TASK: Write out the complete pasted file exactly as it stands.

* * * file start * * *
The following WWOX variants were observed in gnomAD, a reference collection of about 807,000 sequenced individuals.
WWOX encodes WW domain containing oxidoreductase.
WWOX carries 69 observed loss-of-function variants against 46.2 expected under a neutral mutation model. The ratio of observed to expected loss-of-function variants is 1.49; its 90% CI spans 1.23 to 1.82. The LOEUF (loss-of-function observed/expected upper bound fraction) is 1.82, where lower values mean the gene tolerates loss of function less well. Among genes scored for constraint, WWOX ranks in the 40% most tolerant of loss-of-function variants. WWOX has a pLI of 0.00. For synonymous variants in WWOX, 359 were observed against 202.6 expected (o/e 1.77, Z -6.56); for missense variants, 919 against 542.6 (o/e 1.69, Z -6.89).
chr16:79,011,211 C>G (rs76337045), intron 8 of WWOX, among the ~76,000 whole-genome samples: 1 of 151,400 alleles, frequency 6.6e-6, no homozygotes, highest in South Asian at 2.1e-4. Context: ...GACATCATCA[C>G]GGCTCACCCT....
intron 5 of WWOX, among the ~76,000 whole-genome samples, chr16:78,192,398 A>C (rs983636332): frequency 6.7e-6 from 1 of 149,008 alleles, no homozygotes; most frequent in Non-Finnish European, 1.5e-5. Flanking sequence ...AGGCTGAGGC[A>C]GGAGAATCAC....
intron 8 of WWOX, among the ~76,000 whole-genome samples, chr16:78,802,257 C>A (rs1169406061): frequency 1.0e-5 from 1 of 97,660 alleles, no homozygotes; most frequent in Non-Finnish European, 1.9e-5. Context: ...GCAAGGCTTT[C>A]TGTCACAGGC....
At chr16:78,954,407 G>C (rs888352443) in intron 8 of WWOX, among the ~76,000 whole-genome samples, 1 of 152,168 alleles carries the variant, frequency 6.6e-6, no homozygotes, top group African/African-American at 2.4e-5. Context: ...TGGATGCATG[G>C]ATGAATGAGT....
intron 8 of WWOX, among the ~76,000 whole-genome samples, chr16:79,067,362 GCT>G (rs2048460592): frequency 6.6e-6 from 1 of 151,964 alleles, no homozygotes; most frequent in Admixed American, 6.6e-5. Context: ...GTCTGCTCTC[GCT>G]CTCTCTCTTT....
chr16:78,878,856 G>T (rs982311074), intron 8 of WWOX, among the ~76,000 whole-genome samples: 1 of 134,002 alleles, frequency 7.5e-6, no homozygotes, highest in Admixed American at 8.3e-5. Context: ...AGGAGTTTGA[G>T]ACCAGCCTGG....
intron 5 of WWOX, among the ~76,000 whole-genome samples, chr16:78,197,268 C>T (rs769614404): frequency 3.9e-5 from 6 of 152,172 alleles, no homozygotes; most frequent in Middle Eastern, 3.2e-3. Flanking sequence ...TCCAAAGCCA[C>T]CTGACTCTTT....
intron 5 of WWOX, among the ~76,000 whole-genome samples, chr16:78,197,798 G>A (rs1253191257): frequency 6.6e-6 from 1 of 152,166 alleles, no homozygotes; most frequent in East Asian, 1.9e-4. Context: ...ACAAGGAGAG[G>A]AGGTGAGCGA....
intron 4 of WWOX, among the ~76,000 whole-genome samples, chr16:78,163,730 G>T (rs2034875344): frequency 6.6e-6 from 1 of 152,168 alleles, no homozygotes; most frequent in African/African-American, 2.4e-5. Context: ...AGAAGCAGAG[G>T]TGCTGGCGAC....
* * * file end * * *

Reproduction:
The following WWOX variants were observed in gnomAD, a reference collection of about 807,000 sequenced individuals.
WWOX encodes WW domain containing oxidoreductase.
WWOX carries 69 observed loss-of-function variants against 46.2 expected under a neutral mutation model. The ratio of observed to expected loss-of-function variants is 1.49; its 90% CI spans 1.23 to 1.82. The LOEUF (loss-of-function observed/expected upper bound fraction) is 1.82, where lower values mean the gene tolerates loss of function less well. Among genes scored for constraint, WWOX ranks in the 40% most tolerant of loss-of-function variants. WWOX has a pLI of 0.00. For synonymous variants in WWOX, 359 were observed against 202.6 expected (o/e 1.77, Z -6.56); for missense variants, 919 against 542.6 (o/e 1.69, Z -6.89).
chr16:79,011,211 C>G (rs76337045), intron 8 of WWOX, among the ~76,000 whole-genome samples: 1 of 151,400 alleles, frequency 6.6e-6, no homozygotes, highest in South Asian at 2.1e-4. Context: ...GACATCATCA[C>G]GGCTCACCCT....
intron 5 of WWOX, among the ~76,000 whole-genome samples, chr16:78,192,398 A>C (rs983636332): frequency 6.7e-6 from 1 of 149,008 alleles, no homozygotes; most frequent in Non-Finnish European, 1.5e-5. Flanking sequence ...AGGCTGAGGC[A>C]GGAGAATCAC....
intron 8 of WWOX, among the ~76,000 whole-genome samples, chr16:78,802,257 C>A (rs1169406061): frequency 1.0e-5 from 1 of 97,660 alleles, no homozygotes; most frequent in Non-Finnish European, 1.9e-5. Context: ...GCAAGGCTTT[C>A]TGTCACAGGC....
At chr16:78,954,407 G>C (rs888352443) in intron 8 of WWOX, among the ~76,000 whole-genome samples, 1 of 152,168 alleles carries the variant, frequency 6.6e-6, no homozygotes, top group African/African-American at 2.4e-5. Context: ...TGGATGCATG[G>C]ATGAATGAGT....
intron 8 of WWOX, among the ~76,000 whole-genome samples, chr16:79,067,362 GCT>G (rs2048460592): frequency 6.6e-6 from 1 of 151,964 alleles, no homozygotes; most frequent in Admixed American, 6.6e-5. Context: ...GTCTGCTCTC[GCT>G]CTCTCTCTTT....
chr16:78,878,856 G>T (rs982311074), intron 8 of WWOX, among the ~76,000 whole-genome samples: 1 of 134,002 alleles, frequency 7.5e-6, no homozygotes, highest in Admixed American at 8.3e-5. Context: ...AGGAGTTTGA[G>T]ACCAGCCTGG....
intron 5 of WWOX, among the ~76,000 whole-genome samples, chr16:78,197,268 C>T (rs769614404): frequency 3.9e-5 from 6 of 152,172 alleles, no homozygotes; most frequent in Middle Eastern, 3.2e-3. Flanking sequence ...TCCAAAGCCA[C>T]CTGACTCTTT....
intron 5 of WWOX, among the ~76,000 whole-genome samples, chr16:78,197,798 G>A (rs1253191257): frequency 6.6e-6 from 1 of 152,166 alleles, no homozygotes; most frequent in East Asian, 1.9e-4. Context: ...ACAAGGAGAG[G>A]AGGTGAGCGA....
intron 4 of WWOX, among the ~76,000 whole-genome samples, chr16:78,163,730 G>T (rs2034875344): frequency 6.6e-6 from 1 of 152,168 alleles, no homozygotes; most frequent in African/African-American, 2.4e-5. Context: ...AGAAGCAGAG[G>T]TGCTGGCGAC....